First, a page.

The aim of the article is to summarize and reassess the innovations brought about by governance theory. It is argued that the notion of governance is a conceptual device that could help rationalise and articulate the changes undertaken by liberal democracies since the late 1970s. The article suggests the need to distinguish between two distinct research programmes composing governance studies, which are influenced by alternative epistemic traditions—political economy and economic sociology. Rationalizations of change influenced by political economy support the idea that the outcome of recent political change is a market-oriented 'Regulatory State', while those influence by economic sociology see governance as supporting the rising of a 'Networked Polity'. Since these research programmes blend together descriptive and prescriptive elements, what is required is a twin type of evaluation that could assess both their relative heuristic power and ability to justify the normative ideals they seek to engender. The main claim advanced in the paper is that, while the Regulatory State is a better heuristic category for understanding recent political change than that of the Networked Polity, the reverse happens when these two entities are considered as normative ideals to engender.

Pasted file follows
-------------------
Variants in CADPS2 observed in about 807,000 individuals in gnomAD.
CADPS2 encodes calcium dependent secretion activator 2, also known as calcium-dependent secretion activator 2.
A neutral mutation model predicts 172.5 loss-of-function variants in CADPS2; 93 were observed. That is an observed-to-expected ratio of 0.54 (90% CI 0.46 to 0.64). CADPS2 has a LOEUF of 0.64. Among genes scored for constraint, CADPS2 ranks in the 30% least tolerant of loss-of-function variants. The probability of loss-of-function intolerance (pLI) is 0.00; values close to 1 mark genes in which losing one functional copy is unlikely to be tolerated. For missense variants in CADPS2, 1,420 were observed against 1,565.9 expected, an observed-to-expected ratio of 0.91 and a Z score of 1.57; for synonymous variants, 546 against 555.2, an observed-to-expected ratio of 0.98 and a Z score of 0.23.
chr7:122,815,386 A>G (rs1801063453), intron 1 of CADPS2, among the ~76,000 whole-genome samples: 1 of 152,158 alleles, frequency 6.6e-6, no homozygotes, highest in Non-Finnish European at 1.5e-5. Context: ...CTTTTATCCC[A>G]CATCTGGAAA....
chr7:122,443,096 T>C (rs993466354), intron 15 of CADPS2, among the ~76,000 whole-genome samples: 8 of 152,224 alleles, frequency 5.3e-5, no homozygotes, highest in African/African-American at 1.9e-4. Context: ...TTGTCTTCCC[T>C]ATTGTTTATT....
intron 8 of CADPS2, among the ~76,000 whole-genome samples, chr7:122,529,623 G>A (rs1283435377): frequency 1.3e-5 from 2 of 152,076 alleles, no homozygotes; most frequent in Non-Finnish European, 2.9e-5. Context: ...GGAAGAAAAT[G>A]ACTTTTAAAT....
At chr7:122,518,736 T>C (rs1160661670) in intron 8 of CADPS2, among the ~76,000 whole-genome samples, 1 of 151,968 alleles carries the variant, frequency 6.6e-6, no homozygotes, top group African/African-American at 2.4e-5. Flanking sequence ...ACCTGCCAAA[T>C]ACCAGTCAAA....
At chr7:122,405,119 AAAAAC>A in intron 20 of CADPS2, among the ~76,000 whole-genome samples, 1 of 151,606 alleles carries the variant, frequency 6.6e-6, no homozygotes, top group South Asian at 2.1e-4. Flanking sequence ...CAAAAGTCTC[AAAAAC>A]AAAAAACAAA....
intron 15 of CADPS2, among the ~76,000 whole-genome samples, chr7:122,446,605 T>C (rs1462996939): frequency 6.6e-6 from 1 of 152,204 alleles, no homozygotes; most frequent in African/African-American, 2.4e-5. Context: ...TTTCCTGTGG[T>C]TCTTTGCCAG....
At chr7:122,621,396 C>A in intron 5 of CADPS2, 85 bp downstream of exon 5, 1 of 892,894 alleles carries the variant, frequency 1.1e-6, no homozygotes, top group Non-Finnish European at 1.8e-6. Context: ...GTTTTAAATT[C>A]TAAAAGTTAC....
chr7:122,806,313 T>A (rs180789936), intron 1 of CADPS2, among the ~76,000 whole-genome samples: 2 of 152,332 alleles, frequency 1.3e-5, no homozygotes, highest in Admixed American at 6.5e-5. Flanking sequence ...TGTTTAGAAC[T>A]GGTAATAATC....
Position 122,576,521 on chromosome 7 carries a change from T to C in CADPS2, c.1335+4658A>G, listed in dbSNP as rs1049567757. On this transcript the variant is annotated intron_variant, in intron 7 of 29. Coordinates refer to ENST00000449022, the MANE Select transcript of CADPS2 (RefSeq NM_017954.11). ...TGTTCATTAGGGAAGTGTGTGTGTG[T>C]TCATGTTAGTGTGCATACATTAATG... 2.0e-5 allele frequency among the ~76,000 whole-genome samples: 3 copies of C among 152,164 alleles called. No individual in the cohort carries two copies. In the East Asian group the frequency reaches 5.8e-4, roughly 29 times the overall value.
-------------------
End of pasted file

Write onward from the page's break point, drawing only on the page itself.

|Number of pages||17|
|Journal||OBSERVATOIRE DE LA SOCIÉTÉ BRITANNIQUE|
|Publication status||Published - 2014|